UPDATE 1-US welcomes sovereign fund buys in crisis -Kimmitt
DUBAI Oct 28 (Reuters) - The United States would welcome investment from sovereign wealth funds as it grapples with the impact of the global financial crisis on its economy, Deputy U.S. Treasury Secretary Robert Kimmitt said on Tuesday.
Kimmitt is on a five-country swing through the Gulf Arab region to drum up investment in the ailing U.S. economy.
"What we're really doing is simply to make clear to sovereign wealth funds of the world that we are open to investments that are commercial ... that do not raise security concerns," he told reporters after a speech.
"We think that they are continuing to look very closely at opportunities in the United States. We have a number of cases before the Committee on Foreign Investment right now."
He did not elaborate further.
The Committee on Foreign Investment in the United States, or CFIUS, examines national interest issues and is part of the Treasury Department.
"Every investor that I've spoken with here and elsewhere had been in the United States within the past month, looking for opportunities," he added.
Kimmitt began his Gulf tour in Saudi Arabia and is scheduled to travel to Qatar next.
In his speech, the Treasury official called for open investment policies and warned against protectionism.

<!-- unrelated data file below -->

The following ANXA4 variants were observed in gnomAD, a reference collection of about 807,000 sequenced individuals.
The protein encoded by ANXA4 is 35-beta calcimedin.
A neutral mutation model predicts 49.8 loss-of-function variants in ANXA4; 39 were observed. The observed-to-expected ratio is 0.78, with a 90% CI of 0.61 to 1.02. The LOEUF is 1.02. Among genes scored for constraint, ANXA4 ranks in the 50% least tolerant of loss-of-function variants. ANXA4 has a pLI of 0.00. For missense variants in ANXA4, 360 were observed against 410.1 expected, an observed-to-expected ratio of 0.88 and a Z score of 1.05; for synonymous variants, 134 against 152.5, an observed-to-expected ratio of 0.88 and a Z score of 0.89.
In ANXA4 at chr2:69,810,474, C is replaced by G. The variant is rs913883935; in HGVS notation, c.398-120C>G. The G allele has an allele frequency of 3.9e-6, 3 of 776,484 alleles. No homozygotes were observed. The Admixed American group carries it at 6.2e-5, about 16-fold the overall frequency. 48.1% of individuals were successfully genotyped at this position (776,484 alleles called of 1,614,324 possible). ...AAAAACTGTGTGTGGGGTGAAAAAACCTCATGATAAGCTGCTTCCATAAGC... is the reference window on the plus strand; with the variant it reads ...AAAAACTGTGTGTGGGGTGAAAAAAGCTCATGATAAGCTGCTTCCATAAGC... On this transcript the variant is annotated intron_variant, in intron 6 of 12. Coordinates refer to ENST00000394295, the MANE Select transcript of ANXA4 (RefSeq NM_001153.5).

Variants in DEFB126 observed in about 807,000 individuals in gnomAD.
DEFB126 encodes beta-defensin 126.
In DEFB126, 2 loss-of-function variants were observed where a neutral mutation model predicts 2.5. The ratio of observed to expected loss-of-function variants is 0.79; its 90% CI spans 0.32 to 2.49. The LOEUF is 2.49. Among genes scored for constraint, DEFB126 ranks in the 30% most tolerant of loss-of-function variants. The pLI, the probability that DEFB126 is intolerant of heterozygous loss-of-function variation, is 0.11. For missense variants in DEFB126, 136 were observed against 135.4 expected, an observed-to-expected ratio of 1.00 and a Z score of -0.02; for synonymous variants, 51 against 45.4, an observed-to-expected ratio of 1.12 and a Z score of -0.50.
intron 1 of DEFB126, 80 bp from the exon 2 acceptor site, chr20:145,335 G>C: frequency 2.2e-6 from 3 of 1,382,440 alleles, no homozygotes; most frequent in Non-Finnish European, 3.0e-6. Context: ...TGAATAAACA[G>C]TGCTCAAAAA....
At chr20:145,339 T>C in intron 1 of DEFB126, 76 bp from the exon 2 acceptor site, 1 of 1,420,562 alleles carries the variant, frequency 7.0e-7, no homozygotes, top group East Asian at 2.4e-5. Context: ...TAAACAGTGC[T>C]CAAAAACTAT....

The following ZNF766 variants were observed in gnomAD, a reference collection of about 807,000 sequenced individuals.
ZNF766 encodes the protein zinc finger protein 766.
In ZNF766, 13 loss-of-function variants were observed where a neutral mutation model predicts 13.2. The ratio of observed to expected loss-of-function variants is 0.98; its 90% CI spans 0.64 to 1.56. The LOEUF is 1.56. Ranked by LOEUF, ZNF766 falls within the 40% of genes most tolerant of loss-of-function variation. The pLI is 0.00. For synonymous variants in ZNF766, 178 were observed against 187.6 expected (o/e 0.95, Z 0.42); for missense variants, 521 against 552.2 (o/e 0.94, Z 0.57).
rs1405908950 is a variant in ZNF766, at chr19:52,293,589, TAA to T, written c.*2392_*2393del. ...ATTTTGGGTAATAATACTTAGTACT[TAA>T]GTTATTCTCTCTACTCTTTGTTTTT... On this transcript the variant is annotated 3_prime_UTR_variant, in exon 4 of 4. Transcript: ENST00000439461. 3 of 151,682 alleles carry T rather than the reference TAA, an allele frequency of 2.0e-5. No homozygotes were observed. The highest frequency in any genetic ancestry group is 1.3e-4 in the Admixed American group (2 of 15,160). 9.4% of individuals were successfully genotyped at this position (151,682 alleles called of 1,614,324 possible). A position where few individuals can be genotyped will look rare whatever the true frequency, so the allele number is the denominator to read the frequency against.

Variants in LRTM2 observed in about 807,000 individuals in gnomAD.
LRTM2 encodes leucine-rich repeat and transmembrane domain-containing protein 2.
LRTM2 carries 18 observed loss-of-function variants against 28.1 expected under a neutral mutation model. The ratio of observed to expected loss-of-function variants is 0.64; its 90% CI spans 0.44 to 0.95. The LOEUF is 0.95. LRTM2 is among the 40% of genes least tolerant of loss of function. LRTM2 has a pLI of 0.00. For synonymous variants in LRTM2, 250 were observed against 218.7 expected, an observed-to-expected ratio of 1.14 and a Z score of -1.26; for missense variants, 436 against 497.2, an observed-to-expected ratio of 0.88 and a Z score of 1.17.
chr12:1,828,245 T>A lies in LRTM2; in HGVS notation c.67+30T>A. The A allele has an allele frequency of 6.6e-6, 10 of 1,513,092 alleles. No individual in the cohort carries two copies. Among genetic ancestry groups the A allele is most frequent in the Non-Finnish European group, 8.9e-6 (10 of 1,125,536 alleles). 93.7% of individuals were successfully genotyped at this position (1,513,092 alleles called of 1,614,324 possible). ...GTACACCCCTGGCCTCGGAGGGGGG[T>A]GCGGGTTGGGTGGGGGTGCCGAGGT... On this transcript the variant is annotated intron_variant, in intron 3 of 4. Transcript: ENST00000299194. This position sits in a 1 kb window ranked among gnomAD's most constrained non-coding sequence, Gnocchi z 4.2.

Kimmitt earlier this year described sovereign wealth funds as a force for good, but said their rapid growth warranted a vigilant stance by the U.S. government to ensure they remain "a positive influence".
Sovereign wealth funds, investment vehicles owned by national governments that typically disclose little about their activities, have become increasingly active in buying Western assets in the past year, often armed with cash piles from soaring oil prices and trade.
Omar bin Sulaiman, deputy chairman of the UAE central bank's board of directors, said Gulf nations should take advantage of opportunities offered by the global financial crisis instead of focusing on negative economic sentiment.
The GCC is made up of Saudi Arabia, United Arab Emirates, Kuwait, Qatar, Bahrain and Oman.
"This region in general, and the GCC in particular, provides the hope for global companies for growth," Sulaiman, who is also governor of the Dubai International Financial Centre, told reporters at the same event.
"If there is a light at the end of the tunnel, it is on this side of the world." (Reporting by Daliah Merzaban; writing by by Amran Abocar; editing by Will Waterman)
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